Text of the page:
oriented group, and until the 1980s it was moderately successful.8 Indeed,
in Wilkinson’s grandiose telling, the Invisible Empire was the only viable
Klan organization in the country.9 Yet in the same time period, it was
revealed that Imperial Wizard Wilkinson was an FBI informant, and had
been for many years.10 Such disappointments become the common lot of
those who persevere in the racialist milieu for any length of time. In this
context, the early shock of the hostile public reaction to the attack on the
gypsy family—while hearing few voices bemoan the family’s decision to
leave the neighborhood—certainly must have served to inoculate Rydén
against these future disappointments. Asked precisely this question in
1997, Rydén observed:

TR: It didn’t hurt me. No, no way. Because nevertheless, I felt it was far
away from me in another part of the world. This was before e-mail
[laughs] and fax machines.11

This same tolerance would be extended to other American movement
figures suffering a similar fall from grace.
This early American connection may also have acted as a sort of solace
for the isolation that Rydén suddenly experienced in his home town.
Shunned by the community, the Americans appeared to offer a welcoming
hand and a vital sense of community in a world infinitely more exciting
than small-town Sweden. Unlike the Swedes, the Americans appeared to
be active and effective, conferring by association a sense of power on the
young Tommy Rydén.12

TR: My father was very shocked at the beginning, because I was caught,
[laughs] You know the father, well, one could see parents, not only my
father but also other parents talk about these gypsies shortly before.
And at that time these gypsies were the scum of the earth. But then
when their own boys are caught attacking these people and doing some-
thing about this problem, they are talking. That’s how you know it’s very
sensitive and at the same time, no afterwards, I could understand his
reaction because his opinion at that time was that I should not take all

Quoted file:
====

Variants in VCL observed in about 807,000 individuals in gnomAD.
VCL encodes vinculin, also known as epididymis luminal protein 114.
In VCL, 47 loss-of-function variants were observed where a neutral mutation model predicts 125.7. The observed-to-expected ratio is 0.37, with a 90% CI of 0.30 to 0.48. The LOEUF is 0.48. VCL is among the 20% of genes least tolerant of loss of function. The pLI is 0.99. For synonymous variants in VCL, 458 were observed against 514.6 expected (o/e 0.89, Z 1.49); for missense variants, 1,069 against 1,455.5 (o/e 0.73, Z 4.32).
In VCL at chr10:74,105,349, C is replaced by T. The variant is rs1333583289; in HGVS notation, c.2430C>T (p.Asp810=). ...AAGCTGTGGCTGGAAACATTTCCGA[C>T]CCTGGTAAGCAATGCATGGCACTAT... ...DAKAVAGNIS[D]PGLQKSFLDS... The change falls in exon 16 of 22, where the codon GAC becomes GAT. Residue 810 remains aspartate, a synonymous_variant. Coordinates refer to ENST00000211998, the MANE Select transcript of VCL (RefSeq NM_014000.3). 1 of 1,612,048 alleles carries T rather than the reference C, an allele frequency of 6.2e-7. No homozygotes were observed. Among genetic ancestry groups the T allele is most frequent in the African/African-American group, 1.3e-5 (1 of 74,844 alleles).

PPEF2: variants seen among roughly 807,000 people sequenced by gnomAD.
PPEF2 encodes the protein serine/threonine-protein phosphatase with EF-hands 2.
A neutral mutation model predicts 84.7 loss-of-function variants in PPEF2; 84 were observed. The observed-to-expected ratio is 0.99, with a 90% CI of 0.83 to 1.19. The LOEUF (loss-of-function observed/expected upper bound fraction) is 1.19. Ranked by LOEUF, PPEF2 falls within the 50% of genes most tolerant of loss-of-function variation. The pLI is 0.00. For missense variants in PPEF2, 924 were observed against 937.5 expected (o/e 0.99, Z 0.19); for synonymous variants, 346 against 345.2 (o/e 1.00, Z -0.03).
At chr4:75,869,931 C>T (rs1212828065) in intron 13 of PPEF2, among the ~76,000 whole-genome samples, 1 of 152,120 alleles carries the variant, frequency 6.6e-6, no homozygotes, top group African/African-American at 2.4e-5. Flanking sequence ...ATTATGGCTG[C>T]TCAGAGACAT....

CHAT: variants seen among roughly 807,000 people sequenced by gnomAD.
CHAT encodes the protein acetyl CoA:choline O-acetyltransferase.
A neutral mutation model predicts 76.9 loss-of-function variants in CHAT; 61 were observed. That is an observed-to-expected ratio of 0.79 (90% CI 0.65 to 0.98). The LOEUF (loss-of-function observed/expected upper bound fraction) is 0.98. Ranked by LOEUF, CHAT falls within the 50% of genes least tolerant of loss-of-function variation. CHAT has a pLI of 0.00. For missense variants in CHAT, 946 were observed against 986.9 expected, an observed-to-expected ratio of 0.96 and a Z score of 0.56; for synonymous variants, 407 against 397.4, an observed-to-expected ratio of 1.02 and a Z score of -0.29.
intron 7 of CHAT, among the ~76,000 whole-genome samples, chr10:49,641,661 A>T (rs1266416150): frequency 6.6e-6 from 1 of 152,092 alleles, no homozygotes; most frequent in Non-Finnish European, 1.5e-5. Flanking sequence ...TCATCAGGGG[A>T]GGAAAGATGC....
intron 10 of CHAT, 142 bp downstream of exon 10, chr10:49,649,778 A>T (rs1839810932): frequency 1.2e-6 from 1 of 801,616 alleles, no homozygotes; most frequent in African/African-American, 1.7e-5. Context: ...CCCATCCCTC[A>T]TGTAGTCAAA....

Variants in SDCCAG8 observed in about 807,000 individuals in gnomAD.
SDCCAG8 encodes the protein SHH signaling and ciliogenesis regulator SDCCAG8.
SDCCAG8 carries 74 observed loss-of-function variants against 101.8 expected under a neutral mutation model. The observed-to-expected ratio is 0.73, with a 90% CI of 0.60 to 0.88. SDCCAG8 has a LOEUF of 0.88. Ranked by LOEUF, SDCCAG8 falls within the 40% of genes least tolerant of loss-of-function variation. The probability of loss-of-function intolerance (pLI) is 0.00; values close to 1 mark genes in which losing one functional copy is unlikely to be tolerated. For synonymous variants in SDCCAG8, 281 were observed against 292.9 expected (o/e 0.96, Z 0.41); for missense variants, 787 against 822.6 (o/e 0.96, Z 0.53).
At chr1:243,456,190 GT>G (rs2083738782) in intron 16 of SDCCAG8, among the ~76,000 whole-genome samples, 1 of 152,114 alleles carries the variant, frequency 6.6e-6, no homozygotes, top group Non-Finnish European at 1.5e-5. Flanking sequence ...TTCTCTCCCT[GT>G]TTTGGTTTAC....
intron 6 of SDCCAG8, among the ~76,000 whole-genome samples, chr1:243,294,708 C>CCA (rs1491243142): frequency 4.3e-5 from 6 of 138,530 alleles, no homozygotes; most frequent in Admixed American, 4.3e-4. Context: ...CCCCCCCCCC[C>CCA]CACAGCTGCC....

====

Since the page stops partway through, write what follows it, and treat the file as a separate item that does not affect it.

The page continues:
the blame on myself. You know, as I mentioned the other parents
blamed it on me and they tried to escape it. And I was the little boy they
were writing about in the newspapers. They didn’t write one word about
the others. The headlines were “Young Racialist” or some kind of com-
mando attack [laughs] on the gypsies. Very sensational. Because of my
age of course. And during the interrogation they asked if I had any
accomplices in the world? [laughs] And I mentioned the Knights of the

82 Firsts
Ku Klux Klan, [laughs] And also the group in West Germany . . . the
Hoffman National Socialist group, [laughs] Who [laughter] were
having [laughs] paramilitary [maneuvers] preparing for the coming
war. So of course I said those things and they leaked it to the media. So
I could read about it in the newspapers afterwards. [laughs] Of course I
put myself into a difficult situation in one way. But I was a young man
and you don’t know anything about interrogations, police, and trials,
newspapers. Everything was new to me.
JK: At the same time, there must have been an element you liked in that,
standing alone against the world.
TR: Yes, yes, but I—that’s something I had been born with I suppose . . . I
don’t think that I have that from my family. Of course, my father has
been a singer. He has been in the opera, traveling around seeing dif-
ferent places. So of course he has been a public person in one way,
but not in the sensational way. So I don’t think I have anything in my
genes from him when it comes to this. But of course, yes, there was
something in it that I liked. To be in the center. To have the spotlight
on myself.
JK: Did that spotlight attract other comrades in your immediate circle, the
school or the town?
TR: No, [they] fled with all the rest, [laughs] Well, of course, I remember
that my . . . schoolmates . . . were all very curious of course, asking me a
lot of questions. Anyway, it’s far back now. I don’t remember all the